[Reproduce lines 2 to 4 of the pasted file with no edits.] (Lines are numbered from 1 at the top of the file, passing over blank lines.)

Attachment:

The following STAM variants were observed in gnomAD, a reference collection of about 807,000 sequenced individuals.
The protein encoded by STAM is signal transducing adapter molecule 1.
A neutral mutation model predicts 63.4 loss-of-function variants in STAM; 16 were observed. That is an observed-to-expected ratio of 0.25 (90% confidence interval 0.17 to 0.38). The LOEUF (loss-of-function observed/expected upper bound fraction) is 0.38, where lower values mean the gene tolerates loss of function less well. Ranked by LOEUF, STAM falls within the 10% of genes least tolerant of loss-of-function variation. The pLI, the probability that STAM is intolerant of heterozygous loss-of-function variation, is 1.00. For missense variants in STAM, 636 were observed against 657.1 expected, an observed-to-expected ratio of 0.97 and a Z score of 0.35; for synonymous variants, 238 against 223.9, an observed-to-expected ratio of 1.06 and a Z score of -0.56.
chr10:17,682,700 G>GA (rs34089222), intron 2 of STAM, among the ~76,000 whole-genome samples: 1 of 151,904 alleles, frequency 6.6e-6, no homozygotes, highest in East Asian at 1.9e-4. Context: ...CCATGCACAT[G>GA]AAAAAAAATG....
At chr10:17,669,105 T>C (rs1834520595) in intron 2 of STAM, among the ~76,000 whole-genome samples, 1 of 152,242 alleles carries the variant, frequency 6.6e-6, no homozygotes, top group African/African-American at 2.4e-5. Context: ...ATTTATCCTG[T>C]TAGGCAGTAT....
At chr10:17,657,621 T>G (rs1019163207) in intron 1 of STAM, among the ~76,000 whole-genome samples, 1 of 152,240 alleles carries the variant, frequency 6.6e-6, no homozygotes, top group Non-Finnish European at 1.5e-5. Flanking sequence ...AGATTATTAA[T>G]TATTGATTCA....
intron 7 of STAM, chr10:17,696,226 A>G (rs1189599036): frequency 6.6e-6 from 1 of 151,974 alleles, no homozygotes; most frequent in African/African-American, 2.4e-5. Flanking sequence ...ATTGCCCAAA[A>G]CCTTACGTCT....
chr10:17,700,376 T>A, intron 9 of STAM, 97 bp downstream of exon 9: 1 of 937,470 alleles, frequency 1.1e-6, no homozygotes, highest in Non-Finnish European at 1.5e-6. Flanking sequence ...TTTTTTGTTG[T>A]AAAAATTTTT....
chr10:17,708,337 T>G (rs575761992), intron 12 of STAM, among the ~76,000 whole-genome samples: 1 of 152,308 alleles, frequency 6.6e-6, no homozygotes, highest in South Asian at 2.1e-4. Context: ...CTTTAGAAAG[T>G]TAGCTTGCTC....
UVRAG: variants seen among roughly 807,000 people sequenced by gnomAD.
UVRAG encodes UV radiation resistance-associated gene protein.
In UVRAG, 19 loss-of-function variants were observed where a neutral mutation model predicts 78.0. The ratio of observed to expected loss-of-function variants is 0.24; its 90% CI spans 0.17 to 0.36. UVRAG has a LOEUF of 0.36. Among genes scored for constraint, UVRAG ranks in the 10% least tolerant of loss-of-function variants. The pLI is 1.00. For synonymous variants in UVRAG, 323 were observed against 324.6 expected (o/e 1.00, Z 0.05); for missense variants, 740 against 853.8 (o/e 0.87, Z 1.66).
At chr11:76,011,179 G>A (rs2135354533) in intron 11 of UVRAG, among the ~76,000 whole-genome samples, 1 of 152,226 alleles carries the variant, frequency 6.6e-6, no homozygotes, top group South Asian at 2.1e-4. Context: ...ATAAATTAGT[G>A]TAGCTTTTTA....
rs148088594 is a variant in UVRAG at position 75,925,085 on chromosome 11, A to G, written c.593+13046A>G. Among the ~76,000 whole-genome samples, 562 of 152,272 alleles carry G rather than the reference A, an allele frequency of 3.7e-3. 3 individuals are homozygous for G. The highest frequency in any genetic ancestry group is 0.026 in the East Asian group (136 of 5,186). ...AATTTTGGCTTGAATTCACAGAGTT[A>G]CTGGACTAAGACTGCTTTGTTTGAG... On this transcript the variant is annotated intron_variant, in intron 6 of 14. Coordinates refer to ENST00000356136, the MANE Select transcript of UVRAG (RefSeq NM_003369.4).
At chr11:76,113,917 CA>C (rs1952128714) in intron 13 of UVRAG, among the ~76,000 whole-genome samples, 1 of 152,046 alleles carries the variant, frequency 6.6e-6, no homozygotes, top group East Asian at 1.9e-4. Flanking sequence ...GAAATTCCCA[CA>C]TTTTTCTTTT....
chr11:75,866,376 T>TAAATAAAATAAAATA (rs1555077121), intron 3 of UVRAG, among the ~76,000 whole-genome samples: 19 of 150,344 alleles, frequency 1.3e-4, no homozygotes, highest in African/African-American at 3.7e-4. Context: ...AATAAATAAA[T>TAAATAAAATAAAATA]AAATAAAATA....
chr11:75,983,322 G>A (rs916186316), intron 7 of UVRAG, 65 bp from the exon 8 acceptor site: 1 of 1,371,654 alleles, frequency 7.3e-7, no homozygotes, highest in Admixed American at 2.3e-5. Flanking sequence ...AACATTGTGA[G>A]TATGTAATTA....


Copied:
The protein encoded by STAM is signal transducing adapter molecule 1.
A neutral mutation model predicts 63.4 loss-of-function variants in STAM; 16 were observed. That is an observed-to-expected ratio of 0.25 (90% confidence interval 0.17 to 0.38). The LOEUF (loss-of-function observed/expected upper bound fraction) is 0.38, where lower values mean the gene tolerates loss of function less well. Ranked by LOEUF, STAM falls within the 10% of genes least tolerant of loss-of-function variation. The pLI, the probability that STAM is intolerant of heterozygous loss-of-function variation, is 1.00. For missense variants in STAM, 636 were observed against 657.1 expected, an observed-to-expected ratio of 0.97 and a Z score of 0.35; for synonymous variants, 238 against 223.9, an observed-to-expected ratio of 1.06 and a Z score of -0.56.
chr10:17,682,700 G>GA (rs34089222), intron 2 of STAM, among the ~76,000 whole-genome samples: 1 of 151,904 alleles, frequency 6.6e-6, no homozygotes, highest in East Asian at 1.9e-4. Context: ...CCATGCACAT[G>GA]AAAAAAAATG....